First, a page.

28 The Life and Work
regarding the Critique: "First of all, let me tell you how delighted I
was that you liked the first part, for your judgment alone is important
for me in this matter. To the great amusement of my wife, I awaited
with considerable anxiety your judgment." Then again, in sending
Engels some further sheets of the manuscript of Capital in June, 1867,
he says: "I hope you will be satisfied with these four sheets. Your
satisfaction with what has gone before is more important to me than
anything the rest of the world might say." Where necessary, Engels
criticised Marx's works quite freely, and Marx almost invariably utilised
these criticisms and often altered his writings in accordance with
Finally, August 16, 1867, Marx had corrected the last proof sheet
of the first volume of his great work, and that same day wrote to
Dear Fred,—Have just finished correcting the last sheet. The
appendix—forms of value—in small print contains ij sheets.
The preface corrected yesterday and sent back. And so this
volume is finished. It is only thanks to you that this was possible.
Without your self-sacrifice on my behalf, I could never have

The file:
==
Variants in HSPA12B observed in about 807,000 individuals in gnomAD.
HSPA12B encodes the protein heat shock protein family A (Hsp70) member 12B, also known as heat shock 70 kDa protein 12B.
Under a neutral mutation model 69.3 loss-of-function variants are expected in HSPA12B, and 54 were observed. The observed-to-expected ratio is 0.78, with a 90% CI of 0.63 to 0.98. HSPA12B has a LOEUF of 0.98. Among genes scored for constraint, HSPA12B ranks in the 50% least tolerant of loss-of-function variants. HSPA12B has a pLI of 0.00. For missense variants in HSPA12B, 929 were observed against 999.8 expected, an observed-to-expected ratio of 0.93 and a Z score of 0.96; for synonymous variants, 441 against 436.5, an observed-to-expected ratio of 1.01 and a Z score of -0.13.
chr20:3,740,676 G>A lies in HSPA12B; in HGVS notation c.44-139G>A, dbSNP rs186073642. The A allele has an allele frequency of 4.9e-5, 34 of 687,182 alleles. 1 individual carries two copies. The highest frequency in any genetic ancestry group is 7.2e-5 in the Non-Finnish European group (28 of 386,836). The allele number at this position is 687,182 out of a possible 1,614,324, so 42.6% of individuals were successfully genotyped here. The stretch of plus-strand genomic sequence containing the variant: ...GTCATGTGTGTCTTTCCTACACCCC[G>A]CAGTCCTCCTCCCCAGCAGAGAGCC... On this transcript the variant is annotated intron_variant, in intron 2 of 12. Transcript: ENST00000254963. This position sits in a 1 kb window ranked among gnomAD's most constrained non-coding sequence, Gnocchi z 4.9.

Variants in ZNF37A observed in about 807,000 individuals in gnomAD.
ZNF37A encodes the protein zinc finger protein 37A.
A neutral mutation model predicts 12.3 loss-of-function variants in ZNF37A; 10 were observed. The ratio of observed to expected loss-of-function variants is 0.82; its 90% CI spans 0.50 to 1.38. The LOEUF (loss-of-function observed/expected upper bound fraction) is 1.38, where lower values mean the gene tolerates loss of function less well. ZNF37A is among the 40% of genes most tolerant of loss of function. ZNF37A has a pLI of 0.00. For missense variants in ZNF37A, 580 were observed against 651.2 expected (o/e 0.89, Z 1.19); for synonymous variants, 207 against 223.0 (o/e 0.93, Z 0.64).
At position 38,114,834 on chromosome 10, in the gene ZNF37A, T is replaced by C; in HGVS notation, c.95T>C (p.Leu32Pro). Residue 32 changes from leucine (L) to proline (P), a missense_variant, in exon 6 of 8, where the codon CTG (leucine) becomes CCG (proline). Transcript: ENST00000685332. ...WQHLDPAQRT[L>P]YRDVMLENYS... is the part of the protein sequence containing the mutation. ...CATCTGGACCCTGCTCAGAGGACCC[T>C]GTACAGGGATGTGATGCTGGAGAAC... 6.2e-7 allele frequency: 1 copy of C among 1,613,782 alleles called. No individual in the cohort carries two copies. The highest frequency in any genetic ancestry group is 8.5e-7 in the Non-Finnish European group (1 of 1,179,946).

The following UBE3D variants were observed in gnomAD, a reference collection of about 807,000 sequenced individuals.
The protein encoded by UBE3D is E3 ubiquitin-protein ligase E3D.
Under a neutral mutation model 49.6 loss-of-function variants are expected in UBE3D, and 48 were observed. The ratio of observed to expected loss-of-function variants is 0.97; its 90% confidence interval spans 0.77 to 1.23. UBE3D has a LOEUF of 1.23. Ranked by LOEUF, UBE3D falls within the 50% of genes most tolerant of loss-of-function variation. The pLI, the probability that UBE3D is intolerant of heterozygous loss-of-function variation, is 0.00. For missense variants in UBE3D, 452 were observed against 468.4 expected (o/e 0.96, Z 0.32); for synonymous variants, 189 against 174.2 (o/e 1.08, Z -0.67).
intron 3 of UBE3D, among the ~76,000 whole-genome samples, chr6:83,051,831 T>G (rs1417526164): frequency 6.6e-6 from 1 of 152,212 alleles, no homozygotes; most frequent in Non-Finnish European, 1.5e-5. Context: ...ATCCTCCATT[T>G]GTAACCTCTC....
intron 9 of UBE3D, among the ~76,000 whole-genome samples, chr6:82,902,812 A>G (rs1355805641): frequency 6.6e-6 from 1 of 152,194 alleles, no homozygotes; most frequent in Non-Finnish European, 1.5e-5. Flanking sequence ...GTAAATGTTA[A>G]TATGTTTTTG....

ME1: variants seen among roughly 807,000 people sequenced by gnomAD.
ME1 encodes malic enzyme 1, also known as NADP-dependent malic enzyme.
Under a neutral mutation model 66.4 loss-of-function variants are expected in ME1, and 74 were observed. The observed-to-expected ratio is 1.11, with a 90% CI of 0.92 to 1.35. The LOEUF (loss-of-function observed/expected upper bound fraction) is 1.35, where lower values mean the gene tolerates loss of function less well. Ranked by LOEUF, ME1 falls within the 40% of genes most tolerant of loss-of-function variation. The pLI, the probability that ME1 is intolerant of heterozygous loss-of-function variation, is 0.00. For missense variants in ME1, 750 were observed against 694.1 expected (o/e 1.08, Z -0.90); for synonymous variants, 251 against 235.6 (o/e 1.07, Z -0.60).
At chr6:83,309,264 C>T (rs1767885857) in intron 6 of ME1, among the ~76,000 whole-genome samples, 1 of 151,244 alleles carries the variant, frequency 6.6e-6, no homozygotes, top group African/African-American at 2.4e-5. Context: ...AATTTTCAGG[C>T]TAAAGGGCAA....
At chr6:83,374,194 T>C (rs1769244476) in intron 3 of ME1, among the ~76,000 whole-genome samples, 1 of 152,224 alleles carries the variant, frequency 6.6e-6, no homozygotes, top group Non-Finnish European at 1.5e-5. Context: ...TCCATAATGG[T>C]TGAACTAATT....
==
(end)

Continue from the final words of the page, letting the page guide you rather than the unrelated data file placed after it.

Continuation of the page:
accomplished the enormous work for the three volumes. I
embrace you full of thanks.
Enclosed two sheets of corrected proof.
Have received the £15 with best thanks.
Greetings, my dear, my beloved friend.—
Yours, K. Marx
When at length the first volume of Capital was published, Engels
left no stone unturned to advertise it, and to get the world, which tried
its best to kill it by silence, to take notice of it.
Temporary Estrangement from Marx
In January, 1863, there occurred the first and only estrangement
between Engels and Marx, an event which only serves to illustrate
their deep and lasting friendship.
Whilst in Manchester, Engels had become acquainted with an Irish
family, Burns, and had become deeply attached to one of the daughters,
Mary, with whom he had lived for many years as man and wife. She
was a bright, pretty, witty girl, who loved Engels passionately. On
January 6, 1863, Mary died quite suddenly, probably from heart
disease; the evening before he had been with her, and she had been
quite well. Her death was a terrible shock to Engels, but when he
wrote to Marx telling him of his bereavement, Marx answered by
expressing his regret in a couple of sentences, and then proceeded to
relate his own household difficulties. Engels let six days pass by before
replying, and then reproached Marx for the "frosty" manner in which
he had received the news of the misfortune that had befallen him
(Engels). In contradistinction to Marx, "All my friends, even phili-